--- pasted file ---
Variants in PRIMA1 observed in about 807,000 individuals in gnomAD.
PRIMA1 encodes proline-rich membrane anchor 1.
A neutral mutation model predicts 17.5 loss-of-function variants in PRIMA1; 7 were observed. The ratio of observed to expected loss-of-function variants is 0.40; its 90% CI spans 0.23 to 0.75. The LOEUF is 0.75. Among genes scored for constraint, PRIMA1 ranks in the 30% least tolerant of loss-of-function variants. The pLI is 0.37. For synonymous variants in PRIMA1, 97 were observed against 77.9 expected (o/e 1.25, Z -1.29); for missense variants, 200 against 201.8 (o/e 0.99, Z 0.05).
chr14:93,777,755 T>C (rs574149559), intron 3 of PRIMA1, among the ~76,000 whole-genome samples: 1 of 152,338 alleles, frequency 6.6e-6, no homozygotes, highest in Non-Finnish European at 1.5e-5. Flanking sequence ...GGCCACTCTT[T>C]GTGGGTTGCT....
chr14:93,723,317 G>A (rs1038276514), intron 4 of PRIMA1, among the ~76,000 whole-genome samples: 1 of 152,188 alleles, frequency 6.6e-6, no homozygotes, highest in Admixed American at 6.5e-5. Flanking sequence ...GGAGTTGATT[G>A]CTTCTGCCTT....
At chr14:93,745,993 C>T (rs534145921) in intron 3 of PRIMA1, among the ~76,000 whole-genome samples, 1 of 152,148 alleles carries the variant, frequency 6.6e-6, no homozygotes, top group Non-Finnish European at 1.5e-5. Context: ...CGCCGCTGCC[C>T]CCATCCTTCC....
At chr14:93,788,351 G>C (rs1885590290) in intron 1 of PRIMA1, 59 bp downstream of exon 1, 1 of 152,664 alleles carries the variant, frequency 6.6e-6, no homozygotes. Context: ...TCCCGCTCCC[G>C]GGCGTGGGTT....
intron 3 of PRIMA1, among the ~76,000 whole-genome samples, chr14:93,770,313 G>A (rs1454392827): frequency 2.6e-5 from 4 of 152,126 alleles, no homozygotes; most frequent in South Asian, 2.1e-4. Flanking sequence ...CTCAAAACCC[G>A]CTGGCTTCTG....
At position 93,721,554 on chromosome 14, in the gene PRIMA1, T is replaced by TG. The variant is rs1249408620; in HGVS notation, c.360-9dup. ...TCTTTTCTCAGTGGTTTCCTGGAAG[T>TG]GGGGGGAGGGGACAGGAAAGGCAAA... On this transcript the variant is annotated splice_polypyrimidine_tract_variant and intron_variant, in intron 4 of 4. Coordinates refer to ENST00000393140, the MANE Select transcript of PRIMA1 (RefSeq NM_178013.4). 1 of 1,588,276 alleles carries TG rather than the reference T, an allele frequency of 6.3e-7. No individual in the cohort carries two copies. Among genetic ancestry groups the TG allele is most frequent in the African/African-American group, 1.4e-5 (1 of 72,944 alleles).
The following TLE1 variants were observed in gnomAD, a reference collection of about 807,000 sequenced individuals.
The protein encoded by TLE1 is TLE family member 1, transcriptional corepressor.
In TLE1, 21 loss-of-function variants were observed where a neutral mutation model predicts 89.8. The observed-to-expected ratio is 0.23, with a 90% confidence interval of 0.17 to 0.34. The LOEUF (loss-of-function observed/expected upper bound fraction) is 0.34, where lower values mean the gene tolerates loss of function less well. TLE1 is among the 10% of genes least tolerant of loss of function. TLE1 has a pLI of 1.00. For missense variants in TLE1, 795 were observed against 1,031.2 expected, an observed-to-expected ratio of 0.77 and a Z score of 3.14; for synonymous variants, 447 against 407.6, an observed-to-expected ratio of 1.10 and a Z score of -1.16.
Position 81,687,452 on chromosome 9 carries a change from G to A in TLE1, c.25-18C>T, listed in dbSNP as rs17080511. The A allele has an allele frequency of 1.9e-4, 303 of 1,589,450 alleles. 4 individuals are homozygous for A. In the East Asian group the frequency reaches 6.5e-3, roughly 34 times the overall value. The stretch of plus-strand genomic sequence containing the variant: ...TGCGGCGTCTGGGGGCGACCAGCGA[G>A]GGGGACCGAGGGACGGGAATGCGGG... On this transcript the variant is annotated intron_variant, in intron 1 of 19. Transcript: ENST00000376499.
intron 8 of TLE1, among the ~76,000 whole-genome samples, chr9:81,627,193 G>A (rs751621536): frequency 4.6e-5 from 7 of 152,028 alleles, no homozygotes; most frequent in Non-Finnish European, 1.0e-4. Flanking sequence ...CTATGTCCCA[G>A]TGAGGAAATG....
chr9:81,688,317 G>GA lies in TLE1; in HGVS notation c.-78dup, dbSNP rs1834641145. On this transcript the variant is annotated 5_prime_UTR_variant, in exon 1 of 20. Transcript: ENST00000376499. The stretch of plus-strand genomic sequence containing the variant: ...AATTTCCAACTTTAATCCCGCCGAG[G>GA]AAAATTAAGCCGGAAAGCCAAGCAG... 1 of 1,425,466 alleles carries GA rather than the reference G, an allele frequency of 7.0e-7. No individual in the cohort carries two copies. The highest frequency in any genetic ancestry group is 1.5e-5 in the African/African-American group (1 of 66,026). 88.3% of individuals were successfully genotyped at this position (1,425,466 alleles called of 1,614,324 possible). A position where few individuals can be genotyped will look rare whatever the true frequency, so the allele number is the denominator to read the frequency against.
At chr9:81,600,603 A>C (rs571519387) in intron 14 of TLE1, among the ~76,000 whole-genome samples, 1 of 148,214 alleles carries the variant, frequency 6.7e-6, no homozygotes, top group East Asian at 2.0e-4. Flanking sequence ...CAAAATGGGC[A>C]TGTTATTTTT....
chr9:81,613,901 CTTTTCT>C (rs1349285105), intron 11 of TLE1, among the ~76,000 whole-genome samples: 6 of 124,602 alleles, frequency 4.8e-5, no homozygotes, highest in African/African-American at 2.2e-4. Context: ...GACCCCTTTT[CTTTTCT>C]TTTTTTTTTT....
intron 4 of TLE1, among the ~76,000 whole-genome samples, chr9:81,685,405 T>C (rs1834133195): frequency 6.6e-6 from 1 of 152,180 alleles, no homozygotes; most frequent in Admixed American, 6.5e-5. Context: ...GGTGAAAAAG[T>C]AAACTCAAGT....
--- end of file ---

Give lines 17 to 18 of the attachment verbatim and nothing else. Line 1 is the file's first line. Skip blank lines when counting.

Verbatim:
chr9:81,613,901 CTTTTCT>C (rs1349285105), intron 11 of TLE1, among the ~76,000 whole-genome samples: 6 of 124,602 alleles, frequency 4.8e-5, no homozygotes, highest in African/African-American at 2.2e-4. Context: ...GACCCCTTTT[CTTTTCT>C]TTTTTTTTTT....
intron 4 of TLE1, among the ~76,000 whole-genome samples, chr9:81,685,405 T>C (rs1834133195): frequency 6.6e-6 from 1 of 152,180 alleles, no homozygotes; most frequent in Admixed American, 6.5e-5. Context: ...GGTGAAAAAG[T>C]AAACTCAAGT....